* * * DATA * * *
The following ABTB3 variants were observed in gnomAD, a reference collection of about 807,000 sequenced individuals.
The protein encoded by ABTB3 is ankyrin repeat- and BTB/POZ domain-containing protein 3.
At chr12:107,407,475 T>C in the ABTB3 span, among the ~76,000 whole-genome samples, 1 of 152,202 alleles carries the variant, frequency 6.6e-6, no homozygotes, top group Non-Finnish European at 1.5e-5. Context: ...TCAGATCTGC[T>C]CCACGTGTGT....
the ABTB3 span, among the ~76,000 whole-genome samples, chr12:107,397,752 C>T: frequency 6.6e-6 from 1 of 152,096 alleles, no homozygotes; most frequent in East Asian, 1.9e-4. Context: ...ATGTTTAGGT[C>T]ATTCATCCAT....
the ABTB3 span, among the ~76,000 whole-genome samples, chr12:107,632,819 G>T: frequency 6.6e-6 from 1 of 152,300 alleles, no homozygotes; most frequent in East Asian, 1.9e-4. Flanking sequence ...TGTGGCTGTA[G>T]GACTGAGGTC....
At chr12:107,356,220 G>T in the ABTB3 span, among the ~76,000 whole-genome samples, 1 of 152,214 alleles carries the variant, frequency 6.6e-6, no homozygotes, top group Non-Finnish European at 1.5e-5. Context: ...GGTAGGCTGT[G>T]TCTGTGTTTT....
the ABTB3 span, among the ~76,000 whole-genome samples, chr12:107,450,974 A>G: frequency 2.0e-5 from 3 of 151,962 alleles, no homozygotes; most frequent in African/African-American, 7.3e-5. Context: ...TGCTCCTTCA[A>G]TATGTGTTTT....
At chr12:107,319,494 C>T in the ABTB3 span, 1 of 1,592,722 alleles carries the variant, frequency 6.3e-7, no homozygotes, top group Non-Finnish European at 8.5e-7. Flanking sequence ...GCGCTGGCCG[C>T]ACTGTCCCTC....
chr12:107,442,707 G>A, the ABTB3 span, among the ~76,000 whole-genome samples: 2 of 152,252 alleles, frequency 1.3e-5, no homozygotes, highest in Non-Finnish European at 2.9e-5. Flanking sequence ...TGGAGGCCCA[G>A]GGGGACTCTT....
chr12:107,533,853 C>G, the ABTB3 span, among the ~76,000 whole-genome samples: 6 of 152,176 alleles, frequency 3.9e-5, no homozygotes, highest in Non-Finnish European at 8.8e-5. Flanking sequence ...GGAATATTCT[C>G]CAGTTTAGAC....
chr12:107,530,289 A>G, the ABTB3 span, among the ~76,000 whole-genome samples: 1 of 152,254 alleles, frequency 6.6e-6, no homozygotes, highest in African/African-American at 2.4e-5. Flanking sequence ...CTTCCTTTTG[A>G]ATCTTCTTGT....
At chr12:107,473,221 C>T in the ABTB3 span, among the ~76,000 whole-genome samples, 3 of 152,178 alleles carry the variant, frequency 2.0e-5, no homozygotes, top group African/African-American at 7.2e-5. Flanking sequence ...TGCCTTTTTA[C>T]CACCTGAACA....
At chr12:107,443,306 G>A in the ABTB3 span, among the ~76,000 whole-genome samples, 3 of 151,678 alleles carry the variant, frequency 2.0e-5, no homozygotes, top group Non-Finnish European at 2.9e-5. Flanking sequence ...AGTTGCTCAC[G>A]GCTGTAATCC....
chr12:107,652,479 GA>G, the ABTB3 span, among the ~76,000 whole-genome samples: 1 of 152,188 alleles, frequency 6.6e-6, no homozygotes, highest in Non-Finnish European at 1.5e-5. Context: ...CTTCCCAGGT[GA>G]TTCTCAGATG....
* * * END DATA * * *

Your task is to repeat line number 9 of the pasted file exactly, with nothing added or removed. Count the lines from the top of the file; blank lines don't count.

chr12:107,442,707 G>A, the ABTB3 span, among the ~76,000 whole-genome samples: 2 of 152,252 alleles, frequency 1.3e-5, no homozygotes, highest in Non-Finnish European at 2.9e-5. Flanking sequence ...TGGAGGCCCA[G>A]GGGGACTCTT....